On vacation in Egypt, Poirot overhears one conversation after another about the rich and selfish Lynette. It seems almost everyone has a reason for wanting her dead. Among Lynette's many trophies is her best friend's boyfriend. She is suing a sexpot writer for slander, is on the verge of finding out her attorney is swindling her, and is keeping her servant girl from happiness with another. Poirot knows this trip to Egypt will be no vacation when Mia Farrow, the jilted lover of Lynette's husband, tells him: "If love can't live in your heart, evil will do just as well."
The period production is sumptuous in its presentation of both Egypt and their excursion by boat down the beautiful Nile River. It is resplendent and elegant fun and the cast is allowed to play it out with gusto. Ustinov gives Poirot a droll humor even after a close brush with a cobra, planted in his cabin by the murderer.
Angela Lansbury and Betty Davis both ham it up in appropriate fashion and Lois Chiles is good as the not so deep Lynette. Jack Warden, George Kennedy, Maggie Smith, Olivia Hussey, and John Finch join David Niven, as Poirot's old pal, in a great ensemble cast of movie legends.
If you have a couple of hours to kill and want an old-fashioned and entertaining murder mystery to pass the time with, this one will definitely do the trick. This trip down the Nile is a lot of fun."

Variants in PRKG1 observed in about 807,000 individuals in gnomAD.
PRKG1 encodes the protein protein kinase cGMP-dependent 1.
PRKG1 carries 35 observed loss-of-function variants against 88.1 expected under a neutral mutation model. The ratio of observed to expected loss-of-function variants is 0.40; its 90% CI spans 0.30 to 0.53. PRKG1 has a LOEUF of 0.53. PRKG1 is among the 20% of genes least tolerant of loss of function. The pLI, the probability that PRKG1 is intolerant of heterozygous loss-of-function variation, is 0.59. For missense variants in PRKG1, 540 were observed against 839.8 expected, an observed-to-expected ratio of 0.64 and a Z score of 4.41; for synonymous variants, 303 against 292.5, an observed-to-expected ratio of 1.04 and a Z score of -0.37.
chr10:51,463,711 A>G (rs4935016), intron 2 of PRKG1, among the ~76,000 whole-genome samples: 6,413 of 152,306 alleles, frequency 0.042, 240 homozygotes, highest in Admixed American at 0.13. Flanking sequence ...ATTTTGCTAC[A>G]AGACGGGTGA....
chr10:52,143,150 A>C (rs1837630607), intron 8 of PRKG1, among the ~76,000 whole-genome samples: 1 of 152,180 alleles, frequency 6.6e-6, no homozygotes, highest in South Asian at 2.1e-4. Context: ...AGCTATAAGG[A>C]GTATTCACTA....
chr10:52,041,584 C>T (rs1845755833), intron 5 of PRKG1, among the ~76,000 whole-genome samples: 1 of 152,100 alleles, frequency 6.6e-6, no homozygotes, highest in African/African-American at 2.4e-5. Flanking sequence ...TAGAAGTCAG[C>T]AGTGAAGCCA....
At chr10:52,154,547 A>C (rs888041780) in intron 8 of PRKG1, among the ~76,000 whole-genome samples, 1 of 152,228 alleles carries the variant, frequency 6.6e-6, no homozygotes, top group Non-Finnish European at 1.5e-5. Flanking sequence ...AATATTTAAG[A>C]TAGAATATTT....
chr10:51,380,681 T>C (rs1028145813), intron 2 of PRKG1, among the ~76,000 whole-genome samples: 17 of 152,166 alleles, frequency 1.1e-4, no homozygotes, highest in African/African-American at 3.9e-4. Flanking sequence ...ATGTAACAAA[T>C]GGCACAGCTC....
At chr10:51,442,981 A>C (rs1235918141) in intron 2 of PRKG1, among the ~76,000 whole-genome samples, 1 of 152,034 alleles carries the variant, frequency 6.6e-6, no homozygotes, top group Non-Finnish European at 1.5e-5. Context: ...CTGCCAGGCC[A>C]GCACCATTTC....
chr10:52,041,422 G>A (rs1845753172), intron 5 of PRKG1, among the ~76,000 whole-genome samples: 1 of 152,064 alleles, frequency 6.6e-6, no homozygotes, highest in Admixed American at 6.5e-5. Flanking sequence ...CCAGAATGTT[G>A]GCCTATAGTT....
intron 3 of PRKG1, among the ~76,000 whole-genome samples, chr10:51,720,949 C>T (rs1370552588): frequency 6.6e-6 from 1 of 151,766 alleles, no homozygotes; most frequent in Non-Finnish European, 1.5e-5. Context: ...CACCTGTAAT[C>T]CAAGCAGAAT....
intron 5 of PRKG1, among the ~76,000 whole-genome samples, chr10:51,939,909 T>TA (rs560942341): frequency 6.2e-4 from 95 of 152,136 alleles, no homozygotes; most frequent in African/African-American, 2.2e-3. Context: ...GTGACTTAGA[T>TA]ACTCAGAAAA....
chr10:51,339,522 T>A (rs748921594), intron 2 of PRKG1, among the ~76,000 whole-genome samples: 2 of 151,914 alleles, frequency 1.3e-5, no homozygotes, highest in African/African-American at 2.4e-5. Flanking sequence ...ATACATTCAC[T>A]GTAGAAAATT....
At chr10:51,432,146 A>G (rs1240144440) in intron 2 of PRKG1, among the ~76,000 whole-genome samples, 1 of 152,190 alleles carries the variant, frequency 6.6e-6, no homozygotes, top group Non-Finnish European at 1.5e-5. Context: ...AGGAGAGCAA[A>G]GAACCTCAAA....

Murder Mystery Superb!
Josh Hitchens | Philadelphia, PA | 12/27/1999
(5 out of 5 stars)
"I'm an Agatha Christie fan, and DEATH ON THE NILE is also one of my favorite movies. In this follow up to the fascinating MURDER ON THE ORIENT EXPRESS, Peter Ustinov plays a more dapper Hercule Poirot, who is only one of the passengers on a steamer going down the Nile in Egypt. Rich and much loathed newlywed Linnet Doyle and her husband Simon are aboard, and when Linnet is murdered, it seems that everyone had a motive for doing her in. Tremendous fun and guessing follow as Poirot and Colonel Race, played to a T by David Niven, try and sort out the clues as two more people are killed. Stellar story and acting, with a wonderful cast that includes, Bette Davis, Angela Lansbury, Mia Farrow, Maggie Smith, Simon MacCorindale, George Kennedy, Olivia Hussey, and Jane Bilken make up the guilty suspects. Great murder mystery in an exotic location. Enjoy this gem."
Best of the Christie adaptations
Darren Harrison | Washington D.C. | 07/29/2004
(5 out of 5 stars)